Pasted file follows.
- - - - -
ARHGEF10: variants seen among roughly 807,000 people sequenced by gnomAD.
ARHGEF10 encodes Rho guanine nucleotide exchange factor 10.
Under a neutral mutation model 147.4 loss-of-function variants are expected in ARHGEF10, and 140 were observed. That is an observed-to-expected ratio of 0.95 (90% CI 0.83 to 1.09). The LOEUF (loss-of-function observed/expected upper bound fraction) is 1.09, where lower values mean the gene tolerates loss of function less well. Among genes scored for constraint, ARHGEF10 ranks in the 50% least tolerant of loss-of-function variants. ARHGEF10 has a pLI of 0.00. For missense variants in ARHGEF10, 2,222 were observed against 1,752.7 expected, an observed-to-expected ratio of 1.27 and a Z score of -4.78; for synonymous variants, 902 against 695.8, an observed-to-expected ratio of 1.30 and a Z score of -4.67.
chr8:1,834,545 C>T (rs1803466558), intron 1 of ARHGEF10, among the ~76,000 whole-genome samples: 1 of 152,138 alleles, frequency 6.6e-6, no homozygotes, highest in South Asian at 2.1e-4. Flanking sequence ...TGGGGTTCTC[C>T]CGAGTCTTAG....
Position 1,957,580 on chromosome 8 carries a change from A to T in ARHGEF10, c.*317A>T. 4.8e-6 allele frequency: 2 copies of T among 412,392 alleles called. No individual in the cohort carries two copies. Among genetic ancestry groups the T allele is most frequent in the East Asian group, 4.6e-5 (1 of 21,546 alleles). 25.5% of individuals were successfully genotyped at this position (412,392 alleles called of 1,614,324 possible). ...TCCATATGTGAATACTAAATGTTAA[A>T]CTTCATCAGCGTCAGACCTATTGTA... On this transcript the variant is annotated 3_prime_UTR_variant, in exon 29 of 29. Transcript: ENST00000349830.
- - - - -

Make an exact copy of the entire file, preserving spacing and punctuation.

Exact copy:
ARHGEF10: variants seen among roughly 807,000 people sequenced by gnomAD.
ARHGEF10 encodes Rho guanine nucleotide exchange factor 10.
Under a neutral mutation model 147.4 loss-of-function variants are expected in ARHGEF10, and 140 were observed. That is an observed-to-expected ratio of 0.95 (90% CI 0.83 to 1.09). The LOEUF (loss-of-function observed/expected upper bound fraction) is 1.09, where lower values mean the gene tolerates loss of function less well. Among genes scored for constraint, ARHGEF10 ranks in the 50% least tolerant of loss-of-function variants. ARHGEF10 has a pLI of 0.00. For missense variants in ARHGEF10, 2,222 were observed against 1,752.7 expected, an observed-to-expected ratio of 1.27 and a Z score of -4.78; for synonymous variants, 902 against 695.8, an observed-to-expected ratio of 1.30 and a Z score of -4.67.
chr8:1,834,545 C>T (rs1803466558), intron 1 of ARHGEF10, among the ~76,000 whole-genome samples: 1 of 152,138 alleles, frequency 6.6e-6, no homozygotes, highest in South Asian at 2.1e-4. Flanking sequence ...TGGGGTTCTC[C>T]CGAGTCTTAG....
Position 1,957,580 on chromosome 8 carries a change from A to T in ARHGEF10, c.*317A>T. 4.8e-6 allele frequency: 2 copies of T among 412,392 alleles called. No individual in the cohort carries two copies. Among genetic ancestry groups the T allele is most frequent in the East Asian group, 4.6e-5 (1 of 21,546 alleles). 25.5% of individuals were successfully genotyped at this position (412,392 alleles called of 1,614,324 possible). ...TCCATATGTGAATACTAAATGTTAA[A>T]CTTCATCAGCGTCAGACCTATTGTA... On this transcript the variant is annotated 3_prime_UTR_variant, in exon 29 of 29. Transcript: ENST00000349830.